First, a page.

Our next stop was Seagull Bay (Yavansu koyu)- one of the quieter bays in the Göcek area and one in which we had enjoyed for a few days a couple of weeks previously.
The water here is so clear that you can see right to the bottom even in 12 metres of water – just extraordinary and so gorgeous to swim in.
One day we took a dinghy ride and visited the underwater ruins in Cleopatra’s Bay and then sat and had a drink in a restaurant just a short ride over the water.
It was so beautiful gazing across the water watching people swimming and on paddle boards and the beautiful gulets (charter vessels based on traditional timber fishing boats) and other craft skimming by.
One of the things we loved about Seagull Bay was hearing the goats walk past the back of our boat on their way from Seagull Bay to goodness knows where.
First we’d hear the dull tinkling of the goat bells and then the gentle bleating as the older goats encouraged the younger ones to keep moving and not get distracted by some bramble or an interesting looking rock.
On a beautiful evening when the heat was less intense we decided to dinghy in to the rickety jetty in Seagull Bay and have a bit of a wander. Hopefully we would see some goats close to.
After tying up at the broken down timber jetty we stepped onto the small promontory and walked up the steep hill that sweeps up behind.
There we met a small herd of very cute goats who didn’t seem the least bit perturbed by us. Further on there were lovely views over this beautiful environmental area with all its stunning bays and inlets.
Closer to us we could see our catamaran Sunday anchored/moored under the protective shadow of a towering cliff.
We wandered back towards the jetty and on the way met the owner of the restaurant which we thought was derelict. He encouraged us to have a meal there but as we had already prepared our dinner we said that we could come the next day. “Yes, yes you come tomorrow, I will give you meze, fresh fish, everything…”
So the following evening we tied up at the rickety jetty once again with the plan to go for a walk before dinner and then have a meal and watch the sun go down at this unusual restaurant.
We walked up to let the owner know that we had arrived but we were going for a walk first and we noticed a huge fire burning in the stone fireplace. “Aah, heating up the coals to cook our fish,” we thought – although there was absolutely no one there.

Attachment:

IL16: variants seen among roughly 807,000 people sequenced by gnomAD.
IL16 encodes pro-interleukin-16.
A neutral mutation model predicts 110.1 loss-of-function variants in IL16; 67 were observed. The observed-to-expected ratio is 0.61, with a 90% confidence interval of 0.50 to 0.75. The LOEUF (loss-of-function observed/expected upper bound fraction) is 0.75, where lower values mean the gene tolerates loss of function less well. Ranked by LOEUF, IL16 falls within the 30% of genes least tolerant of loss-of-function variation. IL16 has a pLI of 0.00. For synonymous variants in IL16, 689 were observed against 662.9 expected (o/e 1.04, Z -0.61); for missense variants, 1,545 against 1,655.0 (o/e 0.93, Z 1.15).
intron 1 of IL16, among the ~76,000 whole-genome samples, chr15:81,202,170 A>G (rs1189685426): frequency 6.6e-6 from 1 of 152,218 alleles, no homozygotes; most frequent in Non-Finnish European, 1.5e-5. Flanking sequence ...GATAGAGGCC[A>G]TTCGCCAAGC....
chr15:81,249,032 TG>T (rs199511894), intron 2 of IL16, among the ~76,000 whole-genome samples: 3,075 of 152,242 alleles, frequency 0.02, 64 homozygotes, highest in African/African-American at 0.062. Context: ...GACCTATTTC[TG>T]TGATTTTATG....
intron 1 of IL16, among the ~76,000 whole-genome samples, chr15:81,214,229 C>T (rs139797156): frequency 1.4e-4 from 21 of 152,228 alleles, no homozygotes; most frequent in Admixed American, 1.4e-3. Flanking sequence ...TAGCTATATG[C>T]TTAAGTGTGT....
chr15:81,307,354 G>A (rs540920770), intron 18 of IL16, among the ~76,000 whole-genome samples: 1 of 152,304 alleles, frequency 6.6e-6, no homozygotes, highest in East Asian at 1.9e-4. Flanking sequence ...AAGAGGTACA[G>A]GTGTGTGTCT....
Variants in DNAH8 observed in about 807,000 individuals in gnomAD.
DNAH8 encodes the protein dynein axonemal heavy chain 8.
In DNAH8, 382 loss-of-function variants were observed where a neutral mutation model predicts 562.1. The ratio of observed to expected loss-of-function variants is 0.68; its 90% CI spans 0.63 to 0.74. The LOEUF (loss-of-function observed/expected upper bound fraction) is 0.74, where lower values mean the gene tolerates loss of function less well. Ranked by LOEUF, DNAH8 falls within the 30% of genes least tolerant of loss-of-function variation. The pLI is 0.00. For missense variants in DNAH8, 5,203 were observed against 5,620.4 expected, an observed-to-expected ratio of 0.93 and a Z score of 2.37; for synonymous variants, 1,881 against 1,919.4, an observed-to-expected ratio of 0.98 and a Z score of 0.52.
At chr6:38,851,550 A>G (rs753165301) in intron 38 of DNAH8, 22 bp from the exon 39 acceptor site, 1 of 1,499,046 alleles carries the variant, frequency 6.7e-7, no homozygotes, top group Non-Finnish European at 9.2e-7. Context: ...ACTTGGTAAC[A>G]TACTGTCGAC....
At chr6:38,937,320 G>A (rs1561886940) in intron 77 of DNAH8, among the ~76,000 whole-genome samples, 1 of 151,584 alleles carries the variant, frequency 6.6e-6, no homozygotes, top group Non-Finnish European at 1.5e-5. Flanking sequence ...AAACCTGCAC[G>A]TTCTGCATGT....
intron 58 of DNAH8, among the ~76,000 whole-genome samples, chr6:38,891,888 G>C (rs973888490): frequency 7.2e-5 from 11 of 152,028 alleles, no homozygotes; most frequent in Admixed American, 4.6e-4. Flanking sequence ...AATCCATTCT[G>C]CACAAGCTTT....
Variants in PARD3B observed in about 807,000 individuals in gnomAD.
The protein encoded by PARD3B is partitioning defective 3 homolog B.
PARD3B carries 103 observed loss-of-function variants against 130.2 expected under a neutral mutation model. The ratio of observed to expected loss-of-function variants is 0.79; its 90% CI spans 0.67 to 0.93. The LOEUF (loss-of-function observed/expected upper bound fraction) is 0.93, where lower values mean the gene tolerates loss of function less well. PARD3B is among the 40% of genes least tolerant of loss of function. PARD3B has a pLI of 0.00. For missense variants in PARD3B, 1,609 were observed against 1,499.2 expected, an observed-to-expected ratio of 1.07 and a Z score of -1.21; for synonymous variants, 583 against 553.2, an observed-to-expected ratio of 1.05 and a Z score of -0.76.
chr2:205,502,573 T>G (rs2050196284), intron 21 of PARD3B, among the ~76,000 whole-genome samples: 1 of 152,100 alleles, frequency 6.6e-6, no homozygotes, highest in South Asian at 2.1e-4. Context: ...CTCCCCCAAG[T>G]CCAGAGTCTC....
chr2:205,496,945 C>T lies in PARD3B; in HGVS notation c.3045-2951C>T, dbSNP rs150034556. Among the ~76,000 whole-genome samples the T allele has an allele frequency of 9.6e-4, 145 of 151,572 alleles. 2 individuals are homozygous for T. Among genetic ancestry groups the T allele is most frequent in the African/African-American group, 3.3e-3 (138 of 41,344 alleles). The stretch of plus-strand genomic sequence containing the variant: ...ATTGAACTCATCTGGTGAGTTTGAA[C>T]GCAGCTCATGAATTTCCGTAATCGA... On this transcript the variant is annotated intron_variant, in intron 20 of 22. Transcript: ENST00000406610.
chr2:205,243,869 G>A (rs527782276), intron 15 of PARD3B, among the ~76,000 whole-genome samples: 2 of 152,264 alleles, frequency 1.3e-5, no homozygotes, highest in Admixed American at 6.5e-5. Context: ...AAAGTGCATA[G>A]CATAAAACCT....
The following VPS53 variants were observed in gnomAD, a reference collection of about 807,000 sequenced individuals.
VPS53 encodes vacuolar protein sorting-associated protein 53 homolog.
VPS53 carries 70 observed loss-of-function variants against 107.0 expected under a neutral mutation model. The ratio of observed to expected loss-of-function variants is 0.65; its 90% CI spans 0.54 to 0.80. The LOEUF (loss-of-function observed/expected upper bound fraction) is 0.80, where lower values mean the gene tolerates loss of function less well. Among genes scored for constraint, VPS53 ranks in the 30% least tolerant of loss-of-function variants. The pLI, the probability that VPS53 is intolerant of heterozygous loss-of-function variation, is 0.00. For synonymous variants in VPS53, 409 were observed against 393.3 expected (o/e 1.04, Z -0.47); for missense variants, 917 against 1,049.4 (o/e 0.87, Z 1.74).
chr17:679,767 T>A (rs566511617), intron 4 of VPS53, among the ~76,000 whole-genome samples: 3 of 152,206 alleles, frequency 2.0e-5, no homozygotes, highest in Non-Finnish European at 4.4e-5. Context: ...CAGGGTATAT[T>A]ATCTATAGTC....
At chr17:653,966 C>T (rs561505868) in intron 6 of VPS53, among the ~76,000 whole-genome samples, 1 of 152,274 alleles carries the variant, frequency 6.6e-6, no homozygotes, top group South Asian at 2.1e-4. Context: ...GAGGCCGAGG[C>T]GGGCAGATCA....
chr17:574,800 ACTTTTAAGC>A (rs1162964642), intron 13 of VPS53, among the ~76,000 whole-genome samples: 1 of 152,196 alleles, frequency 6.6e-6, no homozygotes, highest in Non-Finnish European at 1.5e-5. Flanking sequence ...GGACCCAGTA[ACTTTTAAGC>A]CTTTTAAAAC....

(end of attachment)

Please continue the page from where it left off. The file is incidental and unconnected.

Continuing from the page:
We took the track that cut across the little beach and which meandered along the water’s edge behind where Sunday was moored and where we had seen the goats wandering – one way in the morning and back the other way in the evening.
As we walked towards the beach we saw three guys under a tree. What on earth were they were up to? Then it hit us – they were slaughtering a goat. Was the restauranteur planning a meat course too?
We waved, they waved, we walked on quickly. Around 40 minutes later we reappeared and found a small group of people sitting round a table, all very friendly and telling us to sit anywhere.
Our friend from the previous night came up and asked us if wanted a beer to which we said “yes” thinking that a pre dinner cold drink would be very welcome.
We drank our beer revelling in the golden light that is always so glorious as the sun goes down at the end of each day in Turkey.
There were no signs of food arriving and disconcertingly we noticed that our host was now having a full body wash (thankfully at least partially clothed) using a huge tank of water and copious amounts of soap not too far away from where we were sitting. He was extremely thorough and left no part unwashed – a detail which we would have preferred not to have been made aware.
Once he had completed his ablutions Jonathan approached him to see if he was planning to feed us or had he forgotten our conversation of the previous night ….?
Sadly it was quite clear that he was not planning to be the cleanest chef in Turkey and had completely forgotten we were coming. However, he went straight into damage control and instructed Jonathan to go and choose some fish from the fisherman sitting in the bay in his brightly coloured boat.
We were on a roll now and before long we had some beautifully cooked fish, a big salad, bread and a little later a plate of chips (but no meze!). The fisherman even came up to check we had enjoyed the fish.
As the sun sunk over the horizon we cracked the bottle of red wine that we had brought and tucked into the delicious meal, agreeing that we wouldn’t have changed a thing about the evening and that it felt as though we had eaten like “Kings”. Such a tremendous experience – a real Turkish delight!